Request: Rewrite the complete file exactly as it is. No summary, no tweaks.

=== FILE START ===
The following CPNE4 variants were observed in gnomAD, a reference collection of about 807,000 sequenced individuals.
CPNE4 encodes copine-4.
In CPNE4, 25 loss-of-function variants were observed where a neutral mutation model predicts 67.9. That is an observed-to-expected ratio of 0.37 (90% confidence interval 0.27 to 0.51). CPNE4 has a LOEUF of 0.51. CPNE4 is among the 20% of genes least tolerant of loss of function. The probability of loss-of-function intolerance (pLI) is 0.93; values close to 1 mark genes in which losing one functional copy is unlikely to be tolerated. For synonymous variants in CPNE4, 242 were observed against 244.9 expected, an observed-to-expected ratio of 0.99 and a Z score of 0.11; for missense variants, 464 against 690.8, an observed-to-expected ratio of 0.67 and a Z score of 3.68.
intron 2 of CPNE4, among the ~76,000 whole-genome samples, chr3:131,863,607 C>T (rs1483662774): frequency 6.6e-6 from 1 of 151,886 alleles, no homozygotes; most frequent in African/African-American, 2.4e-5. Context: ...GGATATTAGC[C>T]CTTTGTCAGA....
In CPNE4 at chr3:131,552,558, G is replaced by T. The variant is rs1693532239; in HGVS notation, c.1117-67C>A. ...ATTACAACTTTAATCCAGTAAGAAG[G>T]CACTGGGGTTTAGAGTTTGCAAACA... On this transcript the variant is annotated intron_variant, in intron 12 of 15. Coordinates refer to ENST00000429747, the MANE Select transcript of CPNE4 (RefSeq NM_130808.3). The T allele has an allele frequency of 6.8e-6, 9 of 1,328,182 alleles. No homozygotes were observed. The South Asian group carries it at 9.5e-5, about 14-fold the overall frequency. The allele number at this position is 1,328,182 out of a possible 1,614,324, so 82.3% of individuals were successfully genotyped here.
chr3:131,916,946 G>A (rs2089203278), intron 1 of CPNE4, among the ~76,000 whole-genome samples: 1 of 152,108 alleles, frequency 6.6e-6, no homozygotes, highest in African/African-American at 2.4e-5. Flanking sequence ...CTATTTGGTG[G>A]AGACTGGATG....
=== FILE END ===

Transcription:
The following CPNE4 variants were observed in gnomAD, a reference collection of about 807,000 sequenced individuals.
CPNE4 encodes copine-4.
In CPNE4, 25 loss-of-function variants were observed where a neutral mutation model predicts 67.9. That is an observed-to-expected ratio of 0.37 (90% confidence interval 0.27 to 0.51). CPNE4 has a LOEUF of 0.51. CPNE4 is among the 20% of genes least tolerant of loss of function. The probability of loss-of-function intolerance (pLI) is 0.93; values close to 1 mark genes in which losing one functional copy is unlikely to be tolerated. For synonymous variants in CPNE4, 242 were observed against 244.9 expected, an observed-to-expected ratio of 0.99 and a Z score of 0.11; for missense variants, 464 against 690.8, an observed-to-expected ratio of 0.67 and a Z score of 3.68.
intron 2 of CPNE4, among the ~76,000 whole-genome samples, chr3:131,863,607 C>T (rs1483662774): frequency 6.6e-6 from 1 of 151,886 alleles, no homozygotes; most frequent in African/African-American, 2.4e-5. Context: ...GGATATTAGC[C>T]CTTTGTCAGA....
In CPNE4 at chr3:131,552,558, G is replaced by T. The variant is rs1693532239; in HGVS notation, c.1117-67C>A. ...ATTACAACTTTAATCCAGTAAGAAG[G>T]CACTGGGGTTTAGAGTTTGCAAACA... On this transcript the variant is annotated intron_variant, in intron 12 of 15. Coordinates refer to ENST00000429747, the MANE Select transcript of CPNE4 (RefSeq NM_130808.3). The T allele has an allele frequency of 6.8e-6, 9 of 1,328,182 alleles. No homozygotes were observed. The South Asian group carries it at 9.5e-5, about 14-fold the overall frequency. The allele number at this position is 1,328,182 out of a possible 1,614,324, so 82.3% of individuals were successfully genotyped here.
chr3:131,916,946 G>A (rs2089203278), intron 1 of CPNE4, among the ~76,000 whole-genome samples: 1 of 152,108 alleles, frequency 6.6e-6, no homozygotes, highest in African/African-American at 2.4e-5. Flanking sequence ...CTATTTGGTG[G>A]AGACTGGATG....